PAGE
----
The lobby of the building was completely rebuilt in 1930 with designs by Seattle architect Arthur Loveless.
On March 16, 1972, the Colman Building was listed on the National Register of Historic Places. In October 1978, the building was purchased by CHG-City Center Investors, who began a ten-year, three phase process of restoring the building to its original grandeur. On March 19, 1990, the Colman Building became a City of Seattle Landmark (Ordinance #114993) on nomination by CHG International of Federal Way, Washington, with James Mason as their agent.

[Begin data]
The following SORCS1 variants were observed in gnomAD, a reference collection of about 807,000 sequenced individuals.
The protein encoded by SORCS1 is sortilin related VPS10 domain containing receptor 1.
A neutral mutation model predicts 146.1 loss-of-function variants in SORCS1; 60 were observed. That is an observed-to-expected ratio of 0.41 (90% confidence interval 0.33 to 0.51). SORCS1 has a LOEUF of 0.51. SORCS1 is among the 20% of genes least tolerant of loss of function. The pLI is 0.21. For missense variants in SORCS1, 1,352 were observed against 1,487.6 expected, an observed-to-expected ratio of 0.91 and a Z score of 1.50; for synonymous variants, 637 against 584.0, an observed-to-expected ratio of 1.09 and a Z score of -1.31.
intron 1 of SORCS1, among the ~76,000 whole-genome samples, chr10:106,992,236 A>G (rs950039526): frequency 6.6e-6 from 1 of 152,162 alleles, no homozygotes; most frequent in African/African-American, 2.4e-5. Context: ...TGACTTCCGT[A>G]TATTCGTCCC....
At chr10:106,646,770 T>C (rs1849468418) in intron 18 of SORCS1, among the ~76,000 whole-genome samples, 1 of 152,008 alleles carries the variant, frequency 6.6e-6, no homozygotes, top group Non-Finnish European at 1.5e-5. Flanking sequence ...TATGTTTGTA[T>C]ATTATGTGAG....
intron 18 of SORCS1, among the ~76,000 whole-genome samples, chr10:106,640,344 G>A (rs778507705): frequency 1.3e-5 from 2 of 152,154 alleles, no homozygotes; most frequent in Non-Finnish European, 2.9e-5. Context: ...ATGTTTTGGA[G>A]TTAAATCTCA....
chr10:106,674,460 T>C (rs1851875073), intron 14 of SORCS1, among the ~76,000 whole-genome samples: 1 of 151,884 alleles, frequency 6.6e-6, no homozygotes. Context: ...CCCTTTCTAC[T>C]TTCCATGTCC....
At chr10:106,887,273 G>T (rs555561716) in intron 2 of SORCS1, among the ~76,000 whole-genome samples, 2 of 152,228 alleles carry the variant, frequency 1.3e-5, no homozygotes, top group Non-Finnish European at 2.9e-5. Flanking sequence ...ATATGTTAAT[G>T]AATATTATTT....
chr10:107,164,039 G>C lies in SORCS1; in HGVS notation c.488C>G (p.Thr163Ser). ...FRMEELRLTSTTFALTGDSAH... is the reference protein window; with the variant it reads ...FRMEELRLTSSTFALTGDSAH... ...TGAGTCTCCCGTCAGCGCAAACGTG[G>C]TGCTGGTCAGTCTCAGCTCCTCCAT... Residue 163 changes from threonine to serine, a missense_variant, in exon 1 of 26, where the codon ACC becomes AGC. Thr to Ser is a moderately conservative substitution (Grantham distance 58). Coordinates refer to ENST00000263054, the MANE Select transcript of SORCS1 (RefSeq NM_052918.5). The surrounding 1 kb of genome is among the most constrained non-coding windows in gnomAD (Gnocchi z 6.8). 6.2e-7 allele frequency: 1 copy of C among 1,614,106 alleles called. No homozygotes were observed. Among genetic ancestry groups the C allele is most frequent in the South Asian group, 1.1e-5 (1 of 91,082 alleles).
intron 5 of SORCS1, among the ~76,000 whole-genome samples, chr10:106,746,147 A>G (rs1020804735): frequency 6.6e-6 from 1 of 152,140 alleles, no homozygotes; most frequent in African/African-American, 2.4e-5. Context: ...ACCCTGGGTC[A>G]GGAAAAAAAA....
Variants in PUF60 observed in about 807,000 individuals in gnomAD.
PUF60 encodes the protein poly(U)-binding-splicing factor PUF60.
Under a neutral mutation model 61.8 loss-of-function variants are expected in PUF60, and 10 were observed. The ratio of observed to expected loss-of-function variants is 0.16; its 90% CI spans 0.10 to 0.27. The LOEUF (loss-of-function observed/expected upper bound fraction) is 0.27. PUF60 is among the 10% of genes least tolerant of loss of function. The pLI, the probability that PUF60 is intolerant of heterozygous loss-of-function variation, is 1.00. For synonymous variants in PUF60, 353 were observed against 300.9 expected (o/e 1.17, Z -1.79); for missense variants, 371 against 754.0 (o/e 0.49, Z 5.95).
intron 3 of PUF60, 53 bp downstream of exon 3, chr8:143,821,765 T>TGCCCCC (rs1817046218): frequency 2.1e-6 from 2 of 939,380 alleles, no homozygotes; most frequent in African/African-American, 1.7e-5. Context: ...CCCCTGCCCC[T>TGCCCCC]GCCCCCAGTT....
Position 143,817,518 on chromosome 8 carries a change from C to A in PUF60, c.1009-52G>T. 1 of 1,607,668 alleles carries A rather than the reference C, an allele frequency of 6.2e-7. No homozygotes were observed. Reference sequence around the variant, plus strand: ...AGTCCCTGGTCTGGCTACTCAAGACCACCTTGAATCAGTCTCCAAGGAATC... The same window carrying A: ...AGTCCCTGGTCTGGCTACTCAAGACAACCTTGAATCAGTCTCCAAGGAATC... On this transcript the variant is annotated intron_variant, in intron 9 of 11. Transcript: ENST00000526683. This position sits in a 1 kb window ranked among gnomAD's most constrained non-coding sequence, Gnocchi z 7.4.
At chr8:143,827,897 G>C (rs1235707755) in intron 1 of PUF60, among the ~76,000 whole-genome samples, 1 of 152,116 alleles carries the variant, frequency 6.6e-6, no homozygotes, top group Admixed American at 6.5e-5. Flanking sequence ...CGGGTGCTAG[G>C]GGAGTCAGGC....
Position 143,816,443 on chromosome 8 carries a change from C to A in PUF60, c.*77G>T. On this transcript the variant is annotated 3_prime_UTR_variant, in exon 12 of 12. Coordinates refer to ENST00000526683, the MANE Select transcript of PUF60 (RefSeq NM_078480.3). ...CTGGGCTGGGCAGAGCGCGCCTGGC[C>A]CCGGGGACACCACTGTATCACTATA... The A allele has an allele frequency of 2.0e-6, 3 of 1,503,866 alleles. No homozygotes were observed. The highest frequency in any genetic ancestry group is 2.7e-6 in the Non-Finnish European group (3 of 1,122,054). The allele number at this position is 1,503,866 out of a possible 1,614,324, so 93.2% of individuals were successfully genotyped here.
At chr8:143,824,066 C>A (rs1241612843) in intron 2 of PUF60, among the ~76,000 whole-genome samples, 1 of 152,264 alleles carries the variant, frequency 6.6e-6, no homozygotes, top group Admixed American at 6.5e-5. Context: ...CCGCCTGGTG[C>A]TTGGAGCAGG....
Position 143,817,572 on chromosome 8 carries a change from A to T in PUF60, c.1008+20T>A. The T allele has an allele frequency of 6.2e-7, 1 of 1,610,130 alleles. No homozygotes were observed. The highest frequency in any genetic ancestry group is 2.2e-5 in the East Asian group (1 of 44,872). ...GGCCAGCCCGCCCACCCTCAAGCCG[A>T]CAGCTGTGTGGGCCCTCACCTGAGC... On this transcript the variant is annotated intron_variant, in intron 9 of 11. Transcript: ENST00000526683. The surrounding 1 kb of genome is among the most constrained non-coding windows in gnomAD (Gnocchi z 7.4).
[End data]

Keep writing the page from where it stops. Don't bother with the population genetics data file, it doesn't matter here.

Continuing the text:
The Colman Building was brought back to local ownership in 1997 when Triad Development purchased the building for $7.1 million from Plaza Realty Holdings Inc. of Long Beach, California. They had in turn purchased the building out of foreclosure in 1996. Triad spent over $2 million in renovations including new air conditioning and better interior lighting as well improving street level businesses. In 2019, Unico Properties purchased the Colman Building for approximately $37 million.
Colman Building Facts for Kids. Kiddle Encyclopedia.